Under the Obama administration, the Equal Employment Opportunity Commission (EEOC) strengthened its position on equal pay. For more than 50 years, the EEOC has surveyed workforce data along race and gender lines. In 2016, the EEOC expanded the survey’s scope, requiring employers to report total compensation for all employees by gender, race, and ethnicity across 12 pay bands and for ten job categories. When the EEOC likely becomes Republican-controlled in July 2017, some expect the agency will dial back its requirement that employers submit their pay practices information.

California, on the other hand, continues to ramp up on equal pay. California employers may not use an employee’s prior salary to justify any disparity in compensation between genders. Additionally, California employers must permit employees to disclose their own wages and discuss the wages of others. On May 22, 2017, California’s legislature initiated Assembly Bill 168, which prohibits employers from asking applicants about prior salary history. Therefore, while employers may be spared from reporting their pay practices to the federal agency charged with investigating those practices, they ought to still ensure compliance with California’s stricter standards.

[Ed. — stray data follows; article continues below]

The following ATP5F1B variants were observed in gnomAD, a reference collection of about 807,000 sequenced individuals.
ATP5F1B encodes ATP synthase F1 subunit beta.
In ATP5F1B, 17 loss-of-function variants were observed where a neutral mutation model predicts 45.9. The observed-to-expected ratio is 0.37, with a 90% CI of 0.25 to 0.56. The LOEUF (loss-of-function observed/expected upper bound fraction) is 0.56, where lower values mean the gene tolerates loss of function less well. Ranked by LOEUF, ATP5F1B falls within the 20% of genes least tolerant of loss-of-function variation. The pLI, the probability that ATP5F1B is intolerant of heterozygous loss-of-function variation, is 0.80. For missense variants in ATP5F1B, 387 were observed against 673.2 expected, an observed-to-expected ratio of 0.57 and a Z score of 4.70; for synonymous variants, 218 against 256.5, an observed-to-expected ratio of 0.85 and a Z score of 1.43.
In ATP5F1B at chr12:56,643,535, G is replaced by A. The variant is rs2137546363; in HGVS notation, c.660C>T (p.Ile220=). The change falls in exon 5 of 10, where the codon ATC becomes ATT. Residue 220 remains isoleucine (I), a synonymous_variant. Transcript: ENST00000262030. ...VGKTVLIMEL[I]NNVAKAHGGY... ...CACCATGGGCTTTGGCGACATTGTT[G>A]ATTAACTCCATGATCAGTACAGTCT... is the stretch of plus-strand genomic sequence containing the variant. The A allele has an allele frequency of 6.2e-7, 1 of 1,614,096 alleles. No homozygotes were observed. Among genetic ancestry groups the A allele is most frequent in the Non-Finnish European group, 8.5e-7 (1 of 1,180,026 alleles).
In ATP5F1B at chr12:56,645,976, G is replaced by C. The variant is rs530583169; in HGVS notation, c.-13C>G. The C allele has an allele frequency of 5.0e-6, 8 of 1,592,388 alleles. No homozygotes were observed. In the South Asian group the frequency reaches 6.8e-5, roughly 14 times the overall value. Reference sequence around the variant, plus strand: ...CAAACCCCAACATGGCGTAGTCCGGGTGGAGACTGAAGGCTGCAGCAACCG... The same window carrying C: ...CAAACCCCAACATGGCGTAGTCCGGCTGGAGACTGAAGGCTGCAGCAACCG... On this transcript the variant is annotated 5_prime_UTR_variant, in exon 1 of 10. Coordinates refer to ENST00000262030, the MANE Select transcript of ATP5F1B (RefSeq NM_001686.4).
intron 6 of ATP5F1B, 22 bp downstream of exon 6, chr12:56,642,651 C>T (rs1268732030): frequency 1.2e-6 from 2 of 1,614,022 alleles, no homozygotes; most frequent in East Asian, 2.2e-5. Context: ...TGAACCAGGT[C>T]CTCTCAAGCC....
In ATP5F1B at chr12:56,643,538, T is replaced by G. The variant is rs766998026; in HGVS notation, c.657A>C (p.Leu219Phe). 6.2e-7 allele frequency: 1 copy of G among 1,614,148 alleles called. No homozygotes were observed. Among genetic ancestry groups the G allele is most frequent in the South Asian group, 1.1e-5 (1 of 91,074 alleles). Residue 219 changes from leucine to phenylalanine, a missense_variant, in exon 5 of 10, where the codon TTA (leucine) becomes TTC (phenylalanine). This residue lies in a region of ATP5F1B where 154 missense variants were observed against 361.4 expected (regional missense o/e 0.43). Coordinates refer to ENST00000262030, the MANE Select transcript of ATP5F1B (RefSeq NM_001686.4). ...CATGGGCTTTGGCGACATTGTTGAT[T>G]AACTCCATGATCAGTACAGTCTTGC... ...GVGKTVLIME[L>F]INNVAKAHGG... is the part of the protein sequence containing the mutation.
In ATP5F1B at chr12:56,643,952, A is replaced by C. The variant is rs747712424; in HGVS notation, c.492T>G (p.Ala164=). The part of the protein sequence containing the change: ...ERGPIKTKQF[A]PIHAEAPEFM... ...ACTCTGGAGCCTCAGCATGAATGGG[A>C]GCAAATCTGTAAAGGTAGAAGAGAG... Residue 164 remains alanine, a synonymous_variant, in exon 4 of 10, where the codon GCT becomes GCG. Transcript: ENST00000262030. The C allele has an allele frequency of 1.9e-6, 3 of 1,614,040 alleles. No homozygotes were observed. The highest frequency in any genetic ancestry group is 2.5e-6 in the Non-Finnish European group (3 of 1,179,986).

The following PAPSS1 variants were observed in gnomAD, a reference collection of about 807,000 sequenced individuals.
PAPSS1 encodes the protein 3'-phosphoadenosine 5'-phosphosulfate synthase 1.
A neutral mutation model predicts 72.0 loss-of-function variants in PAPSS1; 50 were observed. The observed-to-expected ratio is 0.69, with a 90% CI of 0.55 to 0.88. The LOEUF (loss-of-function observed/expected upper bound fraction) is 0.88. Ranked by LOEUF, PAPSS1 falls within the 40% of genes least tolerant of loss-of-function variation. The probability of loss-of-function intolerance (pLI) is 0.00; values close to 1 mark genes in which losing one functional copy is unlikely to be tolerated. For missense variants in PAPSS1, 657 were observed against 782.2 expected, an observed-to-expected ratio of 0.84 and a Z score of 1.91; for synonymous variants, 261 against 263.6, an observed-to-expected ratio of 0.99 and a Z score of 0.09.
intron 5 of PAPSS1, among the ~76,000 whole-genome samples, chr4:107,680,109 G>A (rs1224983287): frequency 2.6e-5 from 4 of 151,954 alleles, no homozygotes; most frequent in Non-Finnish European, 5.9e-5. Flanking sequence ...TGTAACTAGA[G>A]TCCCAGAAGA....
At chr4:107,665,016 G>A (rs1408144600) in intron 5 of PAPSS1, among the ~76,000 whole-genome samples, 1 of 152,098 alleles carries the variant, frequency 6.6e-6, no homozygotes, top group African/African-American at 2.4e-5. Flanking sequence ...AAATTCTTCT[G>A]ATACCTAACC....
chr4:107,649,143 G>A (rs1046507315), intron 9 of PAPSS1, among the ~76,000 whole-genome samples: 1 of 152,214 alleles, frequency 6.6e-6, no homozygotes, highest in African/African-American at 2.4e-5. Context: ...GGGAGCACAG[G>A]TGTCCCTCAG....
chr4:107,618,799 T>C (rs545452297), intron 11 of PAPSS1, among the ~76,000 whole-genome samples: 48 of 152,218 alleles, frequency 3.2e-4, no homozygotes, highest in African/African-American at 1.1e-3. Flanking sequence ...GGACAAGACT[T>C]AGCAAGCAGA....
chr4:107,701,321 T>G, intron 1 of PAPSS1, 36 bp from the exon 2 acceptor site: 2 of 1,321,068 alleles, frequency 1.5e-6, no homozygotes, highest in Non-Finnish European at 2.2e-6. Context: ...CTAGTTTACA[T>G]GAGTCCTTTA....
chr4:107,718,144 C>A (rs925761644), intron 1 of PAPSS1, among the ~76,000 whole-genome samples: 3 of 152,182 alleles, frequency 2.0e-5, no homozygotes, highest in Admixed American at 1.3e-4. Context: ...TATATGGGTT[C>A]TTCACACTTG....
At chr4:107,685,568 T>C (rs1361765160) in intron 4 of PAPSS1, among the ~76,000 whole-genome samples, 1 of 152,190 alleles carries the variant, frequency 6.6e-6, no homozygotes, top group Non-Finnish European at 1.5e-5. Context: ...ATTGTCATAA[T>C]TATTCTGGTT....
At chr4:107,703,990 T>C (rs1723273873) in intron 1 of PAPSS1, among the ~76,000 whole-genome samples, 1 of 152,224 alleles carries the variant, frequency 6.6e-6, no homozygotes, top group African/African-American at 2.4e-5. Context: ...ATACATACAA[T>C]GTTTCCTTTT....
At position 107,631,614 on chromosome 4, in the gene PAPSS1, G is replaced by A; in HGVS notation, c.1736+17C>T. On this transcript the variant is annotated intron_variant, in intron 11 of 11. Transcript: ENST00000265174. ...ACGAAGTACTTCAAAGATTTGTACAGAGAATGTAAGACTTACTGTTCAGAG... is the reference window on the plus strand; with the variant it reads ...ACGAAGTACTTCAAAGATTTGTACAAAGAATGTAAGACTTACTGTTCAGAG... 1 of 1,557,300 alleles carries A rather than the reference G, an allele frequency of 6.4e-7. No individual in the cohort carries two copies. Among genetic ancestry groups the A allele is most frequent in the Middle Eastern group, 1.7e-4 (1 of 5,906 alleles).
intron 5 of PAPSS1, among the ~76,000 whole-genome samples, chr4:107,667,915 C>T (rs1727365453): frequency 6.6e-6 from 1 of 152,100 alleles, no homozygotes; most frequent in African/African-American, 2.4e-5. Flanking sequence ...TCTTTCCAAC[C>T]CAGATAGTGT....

Affordable Care Act (ACA) Reform

Despite the dramatic headlines reflecting repeal attempts, the ACA remains the law with which employers must comply. Nevertheless, the Trump administration has made clear that it will continue efforts to dismantle the ACA.

Even as the federal requirements appear in flux, California employers face state and local healthcare-related ordinances. San Francisco employers, in particular, must comply with the locality’s Health Care Security Ordinance (HCSO). The HCSO requires private businesses with at least 20 employees and nonprofits with at least 50 employees to make defined health care expenditures on behalf of their employees. In 2017, the expenditure rate for San Francisco employers with 100+ employees is $2.64 per employee, per “payable hour.” This results in a mandated health care expenditure of more than $1,000 per employee per quarter for some employers.

California employers face a myriad of overlapping – and sometimes conflicting – federal, state, and local employment laws and regulations. With the Trump administration’s signal that it intends to scale back federal regulation in the employment sector and California’s expected response, the gap between these will likely continue to widen.